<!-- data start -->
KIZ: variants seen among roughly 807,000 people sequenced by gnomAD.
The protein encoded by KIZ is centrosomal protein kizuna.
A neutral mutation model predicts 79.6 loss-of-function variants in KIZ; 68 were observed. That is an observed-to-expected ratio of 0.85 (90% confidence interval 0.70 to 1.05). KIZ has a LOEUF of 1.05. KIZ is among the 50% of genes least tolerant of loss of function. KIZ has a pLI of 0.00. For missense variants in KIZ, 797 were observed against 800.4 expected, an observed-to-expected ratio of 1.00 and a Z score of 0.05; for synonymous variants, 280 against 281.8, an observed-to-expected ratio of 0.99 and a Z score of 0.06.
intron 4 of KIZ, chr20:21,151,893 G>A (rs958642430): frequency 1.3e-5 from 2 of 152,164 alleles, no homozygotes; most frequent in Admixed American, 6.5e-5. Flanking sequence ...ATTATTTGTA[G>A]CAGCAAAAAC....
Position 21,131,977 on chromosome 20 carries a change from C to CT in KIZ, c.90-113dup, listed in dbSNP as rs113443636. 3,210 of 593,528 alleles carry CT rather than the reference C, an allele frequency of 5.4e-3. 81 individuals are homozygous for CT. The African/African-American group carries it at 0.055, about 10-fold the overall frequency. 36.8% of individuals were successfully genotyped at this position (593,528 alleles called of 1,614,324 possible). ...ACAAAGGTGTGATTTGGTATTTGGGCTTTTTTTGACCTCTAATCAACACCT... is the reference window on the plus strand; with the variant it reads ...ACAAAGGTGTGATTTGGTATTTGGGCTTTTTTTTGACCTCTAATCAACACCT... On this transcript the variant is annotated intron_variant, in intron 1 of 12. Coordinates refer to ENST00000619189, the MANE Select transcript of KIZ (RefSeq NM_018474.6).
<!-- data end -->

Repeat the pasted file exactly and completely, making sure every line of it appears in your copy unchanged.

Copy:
KIZ: variants seen among roughly 807,000 people sequenced by gnomAD.
The protein encoded by KIZ is centrosomal protein kizuna.
A neutral mutation model predicts 79.6 loss-of-function variants in KIZ; 68 were observed. That is an observed-to-expected ratio of 0.85 (90% confidence interval 0.70 to 1.05). KIZ has a LOEUF of 1.05. KIZ is among the 50% of genes least tolerant of loss of function. KIZ has a pLI of 0.00. For missense variants in KIZ, 797 were observed against 800.4 expected, an observed-to-expected ratio of 1.00 and a Z score of 0.05; for synonymous variants, 280 against 281.8, an observed-to-expected ratio of 0.99 and a Z score of 0.06.
intron 4 of KIZ, chr20:21,151,893 G>A (rs958642430): frequency 1.3e-5 from 2 of 152,164 alleles, no homozygotes; most frequent in Admixed American, 6.5e-5. Flanking sequence ...ATTATTTGTA[G>A]CAGCAAAAAC....
Position 21,131,977 on chromosome 20 carries a change from C to CT in KIZ, c.90-113dup, listed in dbSNP as rs113443636. 3,210 of 593,528 alleles carry CT rather than the reference C, an allele frequency of 5.4e-3. 81 individuals are homozygous for CT. The African/African-American group carries it at 0.055, about 10-fold the overall frequency. 36.8% of individuals were successfully genotyped at this position (593,528 alleles called of 1,614,324 possible). ...ACAAAGGTGTGATTTGGTATTTGGGCTTTTTTTGACCTCTAATCAACACCT... is the reference window on the plus strand; with the variant it reads ...ACAAAGGTGTGATTTGGTATTTGGGCTTTTTTTTGACCTCTAATCAACACCT... On this transcript the variant is annotated intron_variant, in intron 1 of 12. Coordinates refer to ENST00000619189, the MANE Select transcript of KIZ (RefSeq NM_018474.6).